The first in the excellent Strange and Quinn series from 'The coolest writer in America' GQ.
Derek Strange and Terry Quinn are ex-cops turned private detectives in Washington, DC. Hired to investigate the death of an off-duty black police officer at the hands of a white policeman, Strange and Quinn are faced with the institutionalised racism of the nation's most poorly trained and dangerous police force.
As the two private detectives confront the degradation of the city's flourishing drug trade, they find themselves up against some of the most implacable, dead-eyed killers ever to grace the pages of a novel.
In RIGHT AS RAIN George Pelecanos introduces a memorable pair of characters into the grittily real Washington DC landscape which has led to him being acclaimed as 'a great writer' THE TIMES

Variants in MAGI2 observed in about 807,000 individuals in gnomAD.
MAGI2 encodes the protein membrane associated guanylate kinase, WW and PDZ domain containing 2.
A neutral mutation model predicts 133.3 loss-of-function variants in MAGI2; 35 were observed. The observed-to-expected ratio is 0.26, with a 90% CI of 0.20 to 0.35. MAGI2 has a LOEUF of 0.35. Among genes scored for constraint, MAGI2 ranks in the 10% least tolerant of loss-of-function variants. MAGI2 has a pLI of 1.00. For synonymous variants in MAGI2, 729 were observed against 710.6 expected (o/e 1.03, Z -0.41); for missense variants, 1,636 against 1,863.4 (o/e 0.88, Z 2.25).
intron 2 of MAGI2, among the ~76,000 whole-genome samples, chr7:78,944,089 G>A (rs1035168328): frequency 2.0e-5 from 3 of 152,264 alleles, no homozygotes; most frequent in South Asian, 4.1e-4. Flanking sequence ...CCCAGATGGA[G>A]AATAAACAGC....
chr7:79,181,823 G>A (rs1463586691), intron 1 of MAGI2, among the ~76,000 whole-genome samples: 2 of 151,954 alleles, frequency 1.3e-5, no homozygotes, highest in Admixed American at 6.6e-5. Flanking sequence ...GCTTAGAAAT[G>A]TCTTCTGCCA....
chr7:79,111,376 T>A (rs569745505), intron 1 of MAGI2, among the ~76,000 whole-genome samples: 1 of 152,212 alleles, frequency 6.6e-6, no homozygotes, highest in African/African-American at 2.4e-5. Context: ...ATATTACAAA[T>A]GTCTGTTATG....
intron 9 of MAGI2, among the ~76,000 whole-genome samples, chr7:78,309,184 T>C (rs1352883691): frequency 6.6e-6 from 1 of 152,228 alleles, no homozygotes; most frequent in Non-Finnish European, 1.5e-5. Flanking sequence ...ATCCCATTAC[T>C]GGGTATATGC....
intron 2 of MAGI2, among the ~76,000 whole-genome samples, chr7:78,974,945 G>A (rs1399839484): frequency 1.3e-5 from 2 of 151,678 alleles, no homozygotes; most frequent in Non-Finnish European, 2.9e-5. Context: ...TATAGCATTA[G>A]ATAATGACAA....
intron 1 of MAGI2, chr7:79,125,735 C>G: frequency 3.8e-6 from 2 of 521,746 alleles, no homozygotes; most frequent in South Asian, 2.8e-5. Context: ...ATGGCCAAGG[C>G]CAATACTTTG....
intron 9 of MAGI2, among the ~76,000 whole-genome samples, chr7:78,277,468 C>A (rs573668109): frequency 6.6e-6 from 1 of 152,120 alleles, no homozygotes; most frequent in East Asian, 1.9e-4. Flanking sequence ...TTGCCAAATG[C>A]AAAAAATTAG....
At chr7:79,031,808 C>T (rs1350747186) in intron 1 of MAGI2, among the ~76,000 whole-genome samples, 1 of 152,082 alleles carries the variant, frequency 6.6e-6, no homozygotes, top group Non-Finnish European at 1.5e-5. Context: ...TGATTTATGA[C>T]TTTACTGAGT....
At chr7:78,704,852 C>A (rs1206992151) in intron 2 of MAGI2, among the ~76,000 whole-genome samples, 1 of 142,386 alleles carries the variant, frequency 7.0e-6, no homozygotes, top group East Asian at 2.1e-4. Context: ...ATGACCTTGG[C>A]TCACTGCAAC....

Nearly a decade after Pelecanos (Shame the Devil; Nick's Trip) introduced Nick Stefanos to the private eye scene, the hard-boiled specialist has come up with a new urban gumshoe who's just as tantalizing to watch in action. Derek Strange, a black ex-cop in his mid-50s, walks the same Washington, D.C., streets as Stefanos, yet does so with far more experience under his belt. In his debut, Strange is hired to answer nagging questions about the death of black police officer Chris Wilson, who was killed by another cop in a shootout. Police investigators cleared Terry Quinn, the white cop who killed Wilson, but Strange soon discovers several hidden issues that may put a different spin on the case. Quinn confirms that he shot Wilson in self-defense, but admits he remains disturbed by the actions of the other people present at the scene of the conflict. Strange enlists his aid in the investigation and the case takes both men deep into the worlds of drug dealing, police corruption and racism. The plot rolls along in a workmanlike, almost predictable fashion. Yet as is usually the case with Pelecanos, it's the characters who give the story the gritty, dark twists that have become the author's trademark. The cast is wonderfully varied, yet Pelecanos also manages to capture the essence of most of his characters with just a few descriptive licks. It's Strange, however, who steals the show. He's a mature man with a highly defined sense of who he isDan aging private eye who knows that his best weapons these days are his wits and wisdom.